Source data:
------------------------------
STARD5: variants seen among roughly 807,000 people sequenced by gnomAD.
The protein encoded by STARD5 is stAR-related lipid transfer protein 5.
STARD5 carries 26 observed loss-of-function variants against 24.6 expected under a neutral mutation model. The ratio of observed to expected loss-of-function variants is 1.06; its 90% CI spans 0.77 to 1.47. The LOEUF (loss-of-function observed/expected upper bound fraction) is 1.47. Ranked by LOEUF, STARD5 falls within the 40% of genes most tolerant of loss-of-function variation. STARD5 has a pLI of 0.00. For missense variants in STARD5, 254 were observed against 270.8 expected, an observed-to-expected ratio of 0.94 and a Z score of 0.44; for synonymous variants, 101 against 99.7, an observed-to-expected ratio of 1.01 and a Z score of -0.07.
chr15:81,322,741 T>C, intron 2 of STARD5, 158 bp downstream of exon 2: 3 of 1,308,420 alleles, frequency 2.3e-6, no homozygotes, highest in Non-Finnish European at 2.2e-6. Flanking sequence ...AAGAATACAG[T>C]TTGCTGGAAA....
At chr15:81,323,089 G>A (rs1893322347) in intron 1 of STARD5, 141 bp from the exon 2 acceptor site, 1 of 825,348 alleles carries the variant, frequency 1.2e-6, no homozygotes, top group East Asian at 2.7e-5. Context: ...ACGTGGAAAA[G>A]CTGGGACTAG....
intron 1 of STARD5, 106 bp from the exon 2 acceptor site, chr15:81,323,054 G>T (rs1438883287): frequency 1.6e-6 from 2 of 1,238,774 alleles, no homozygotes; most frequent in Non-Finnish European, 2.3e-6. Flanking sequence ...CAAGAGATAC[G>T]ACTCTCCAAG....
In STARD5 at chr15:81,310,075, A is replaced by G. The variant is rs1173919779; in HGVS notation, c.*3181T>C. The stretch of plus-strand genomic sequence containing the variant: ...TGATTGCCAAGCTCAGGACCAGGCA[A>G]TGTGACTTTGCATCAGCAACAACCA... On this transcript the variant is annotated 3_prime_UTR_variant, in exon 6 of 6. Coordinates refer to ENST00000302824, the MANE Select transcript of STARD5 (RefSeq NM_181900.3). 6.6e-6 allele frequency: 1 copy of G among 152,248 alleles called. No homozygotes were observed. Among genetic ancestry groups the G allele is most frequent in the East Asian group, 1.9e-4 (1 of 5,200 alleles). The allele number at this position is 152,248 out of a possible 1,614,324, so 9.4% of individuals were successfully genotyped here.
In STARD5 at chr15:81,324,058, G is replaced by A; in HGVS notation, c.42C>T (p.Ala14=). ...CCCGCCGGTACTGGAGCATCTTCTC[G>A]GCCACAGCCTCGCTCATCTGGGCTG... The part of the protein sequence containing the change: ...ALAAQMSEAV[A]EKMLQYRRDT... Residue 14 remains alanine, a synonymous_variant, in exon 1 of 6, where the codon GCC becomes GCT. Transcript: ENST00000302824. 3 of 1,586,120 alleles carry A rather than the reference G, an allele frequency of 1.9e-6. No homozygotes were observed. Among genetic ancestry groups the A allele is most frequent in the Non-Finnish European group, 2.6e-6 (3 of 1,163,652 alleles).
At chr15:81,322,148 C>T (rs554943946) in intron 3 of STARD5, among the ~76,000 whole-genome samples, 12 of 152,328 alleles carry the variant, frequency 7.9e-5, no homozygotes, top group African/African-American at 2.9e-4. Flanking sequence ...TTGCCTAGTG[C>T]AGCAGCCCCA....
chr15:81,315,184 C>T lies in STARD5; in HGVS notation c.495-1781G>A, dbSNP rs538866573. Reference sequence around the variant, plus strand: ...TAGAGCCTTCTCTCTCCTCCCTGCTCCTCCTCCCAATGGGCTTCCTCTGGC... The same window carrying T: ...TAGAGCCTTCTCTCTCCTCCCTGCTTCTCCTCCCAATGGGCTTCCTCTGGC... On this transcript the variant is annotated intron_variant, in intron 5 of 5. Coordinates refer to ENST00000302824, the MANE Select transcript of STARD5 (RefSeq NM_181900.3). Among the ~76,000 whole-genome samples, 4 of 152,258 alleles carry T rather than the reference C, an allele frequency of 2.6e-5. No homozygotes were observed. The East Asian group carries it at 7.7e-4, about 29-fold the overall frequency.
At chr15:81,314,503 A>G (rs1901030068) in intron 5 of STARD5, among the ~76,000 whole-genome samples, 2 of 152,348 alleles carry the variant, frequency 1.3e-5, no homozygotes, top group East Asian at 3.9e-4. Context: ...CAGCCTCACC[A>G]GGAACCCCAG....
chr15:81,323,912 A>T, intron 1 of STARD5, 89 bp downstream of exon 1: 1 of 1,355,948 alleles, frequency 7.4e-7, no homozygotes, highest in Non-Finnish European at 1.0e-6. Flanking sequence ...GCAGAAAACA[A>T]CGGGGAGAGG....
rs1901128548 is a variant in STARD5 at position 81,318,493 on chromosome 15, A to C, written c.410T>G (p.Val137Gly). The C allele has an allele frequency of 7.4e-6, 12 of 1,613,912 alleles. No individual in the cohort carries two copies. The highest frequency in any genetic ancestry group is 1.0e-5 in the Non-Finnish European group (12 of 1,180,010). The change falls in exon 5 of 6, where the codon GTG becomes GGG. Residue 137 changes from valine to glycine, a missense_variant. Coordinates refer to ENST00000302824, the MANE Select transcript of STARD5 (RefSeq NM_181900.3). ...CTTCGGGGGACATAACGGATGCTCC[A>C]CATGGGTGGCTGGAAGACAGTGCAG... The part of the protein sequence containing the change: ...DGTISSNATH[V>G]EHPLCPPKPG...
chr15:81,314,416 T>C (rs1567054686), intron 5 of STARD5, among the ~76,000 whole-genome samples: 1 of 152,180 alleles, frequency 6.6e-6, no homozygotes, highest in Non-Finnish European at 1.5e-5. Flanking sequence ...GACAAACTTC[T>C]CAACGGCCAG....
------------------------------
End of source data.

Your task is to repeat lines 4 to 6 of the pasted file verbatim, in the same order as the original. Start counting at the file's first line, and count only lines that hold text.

chr15:81,322,741 T>C, intron 2 of STARD5, 158 bp downstream of exon 2: 3 of 1,308,420 alleles, frequency 2.3e-6, no homozygotes, highest in Non-Finnish European at 2.2e-6. Flanking sequence ...AAGAATACAG[T>C]TTGCTGGAAA....
At chr15:81,323,089 G>A (rs1893322347) in intron 1 of STARD5, 141 bp from the exon 2 acceptor site, 1 of 825,348 alleles carries the variant, frequency 1.2e-6, no homozygotes, top group East Asian at 2.7e-5. Context: ...ACGTGGAAAA[G>A]CTGGGACTAG....
intron 1 of STARD5, 106 bp from the exon 2 acceptor site, chr15:81,323,054 G>T (rs1438883287): frequency 1.6e-6 from 2 of 1,238,774 alleles, no homozygotes; most frequent in Non-Finnish European, 2.3e-6. Flanking sequence ...CAAGAGATAC[G>T]ACTCTCCAAG....